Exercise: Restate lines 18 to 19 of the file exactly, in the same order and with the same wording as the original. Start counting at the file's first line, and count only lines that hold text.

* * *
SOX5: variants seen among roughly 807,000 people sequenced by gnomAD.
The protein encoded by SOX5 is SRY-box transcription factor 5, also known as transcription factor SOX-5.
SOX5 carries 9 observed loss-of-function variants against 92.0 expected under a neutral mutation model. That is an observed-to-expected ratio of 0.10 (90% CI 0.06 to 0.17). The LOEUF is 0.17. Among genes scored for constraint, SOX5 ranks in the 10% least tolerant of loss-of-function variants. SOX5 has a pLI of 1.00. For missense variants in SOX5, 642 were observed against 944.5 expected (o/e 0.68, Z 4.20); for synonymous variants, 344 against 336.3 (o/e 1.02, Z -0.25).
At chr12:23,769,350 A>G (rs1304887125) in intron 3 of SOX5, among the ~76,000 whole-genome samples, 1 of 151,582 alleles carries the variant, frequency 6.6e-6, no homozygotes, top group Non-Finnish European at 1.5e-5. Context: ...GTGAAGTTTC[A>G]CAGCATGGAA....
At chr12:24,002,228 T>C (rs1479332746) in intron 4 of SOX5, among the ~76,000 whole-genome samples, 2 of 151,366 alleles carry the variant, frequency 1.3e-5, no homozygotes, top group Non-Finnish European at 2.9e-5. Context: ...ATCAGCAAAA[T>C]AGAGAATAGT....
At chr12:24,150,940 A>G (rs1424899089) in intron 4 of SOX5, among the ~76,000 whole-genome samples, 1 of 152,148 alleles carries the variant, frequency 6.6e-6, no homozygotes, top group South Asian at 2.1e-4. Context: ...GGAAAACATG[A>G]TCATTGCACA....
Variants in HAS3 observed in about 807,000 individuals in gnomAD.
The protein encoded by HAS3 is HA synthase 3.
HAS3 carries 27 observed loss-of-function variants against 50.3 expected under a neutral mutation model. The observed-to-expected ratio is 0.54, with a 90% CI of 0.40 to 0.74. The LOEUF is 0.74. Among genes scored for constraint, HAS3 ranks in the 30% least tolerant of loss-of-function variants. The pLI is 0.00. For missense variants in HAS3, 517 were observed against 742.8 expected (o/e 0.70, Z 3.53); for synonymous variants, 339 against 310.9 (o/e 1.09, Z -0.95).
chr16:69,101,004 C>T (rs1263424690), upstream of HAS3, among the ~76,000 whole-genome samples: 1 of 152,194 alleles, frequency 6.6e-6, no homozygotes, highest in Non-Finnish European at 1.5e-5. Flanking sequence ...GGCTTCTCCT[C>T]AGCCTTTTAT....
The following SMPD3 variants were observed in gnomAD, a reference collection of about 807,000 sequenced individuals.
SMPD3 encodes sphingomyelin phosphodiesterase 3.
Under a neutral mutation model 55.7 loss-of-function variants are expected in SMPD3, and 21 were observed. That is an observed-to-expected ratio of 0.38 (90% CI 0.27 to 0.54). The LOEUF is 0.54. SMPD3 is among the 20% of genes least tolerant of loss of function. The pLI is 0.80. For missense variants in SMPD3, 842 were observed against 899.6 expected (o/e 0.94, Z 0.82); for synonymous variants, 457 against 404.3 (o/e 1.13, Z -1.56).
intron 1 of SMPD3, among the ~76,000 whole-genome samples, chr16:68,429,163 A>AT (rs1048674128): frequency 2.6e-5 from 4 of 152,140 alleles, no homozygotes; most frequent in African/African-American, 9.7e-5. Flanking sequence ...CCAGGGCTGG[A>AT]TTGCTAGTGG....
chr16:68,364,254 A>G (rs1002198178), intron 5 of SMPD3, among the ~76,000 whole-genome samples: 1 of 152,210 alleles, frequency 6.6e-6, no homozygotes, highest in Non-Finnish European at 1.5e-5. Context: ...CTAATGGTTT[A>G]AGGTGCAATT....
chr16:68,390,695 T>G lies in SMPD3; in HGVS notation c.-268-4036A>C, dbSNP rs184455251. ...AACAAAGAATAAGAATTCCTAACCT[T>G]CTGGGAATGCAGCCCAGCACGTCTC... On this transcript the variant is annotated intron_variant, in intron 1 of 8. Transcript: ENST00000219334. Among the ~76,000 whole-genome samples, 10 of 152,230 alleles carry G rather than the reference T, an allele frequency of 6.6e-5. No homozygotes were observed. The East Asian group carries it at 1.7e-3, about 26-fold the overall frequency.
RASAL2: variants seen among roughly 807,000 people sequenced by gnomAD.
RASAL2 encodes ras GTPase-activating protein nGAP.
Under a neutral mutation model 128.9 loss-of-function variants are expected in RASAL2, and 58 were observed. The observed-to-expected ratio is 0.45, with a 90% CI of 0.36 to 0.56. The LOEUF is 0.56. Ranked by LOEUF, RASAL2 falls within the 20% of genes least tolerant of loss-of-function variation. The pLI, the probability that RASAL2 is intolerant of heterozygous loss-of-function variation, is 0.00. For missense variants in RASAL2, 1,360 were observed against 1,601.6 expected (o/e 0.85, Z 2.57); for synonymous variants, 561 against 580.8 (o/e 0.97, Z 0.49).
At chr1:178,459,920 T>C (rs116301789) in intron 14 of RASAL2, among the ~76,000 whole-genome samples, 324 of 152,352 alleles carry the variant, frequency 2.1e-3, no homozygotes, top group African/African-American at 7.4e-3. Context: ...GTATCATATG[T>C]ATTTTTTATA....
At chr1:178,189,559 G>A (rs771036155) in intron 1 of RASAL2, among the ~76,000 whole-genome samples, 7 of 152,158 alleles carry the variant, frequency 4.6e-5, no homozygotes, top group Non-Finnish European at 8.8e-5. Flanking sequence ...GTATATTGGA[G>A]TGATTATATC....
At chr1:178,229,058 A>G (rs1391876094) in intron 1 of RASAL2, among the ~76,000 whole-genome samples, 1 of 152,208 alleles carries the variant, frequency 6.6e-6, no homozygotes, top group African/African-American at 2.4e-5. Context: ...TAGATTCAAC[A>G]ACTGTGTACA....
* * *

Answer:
RASAL2 encodes ras GTPase-activating protein nGAP.
Under a neutral mutation model 128.9 loss-of-function variants are expected in RASAL2, and 58 were observed. The observed-to-expected ratio is 0.45, with a 90% CI of 0.36 to 0.56. The LOEUF is 0.56. Ranked by LOEUF, RASAL2 falls within the 20% of genes least tolerant of loss-of-function variation. The pLI, the probability that RASAL2 is intolerant of heterozygous loss-of-function variation, is 0.00. For missense variants in RASAL2, 1,360 were observed against 1,601.6 expected (o/e 0.85, Z 2.57); for synonymous variants, 561 against 580.8 (o/e 0.97, Z 0.49).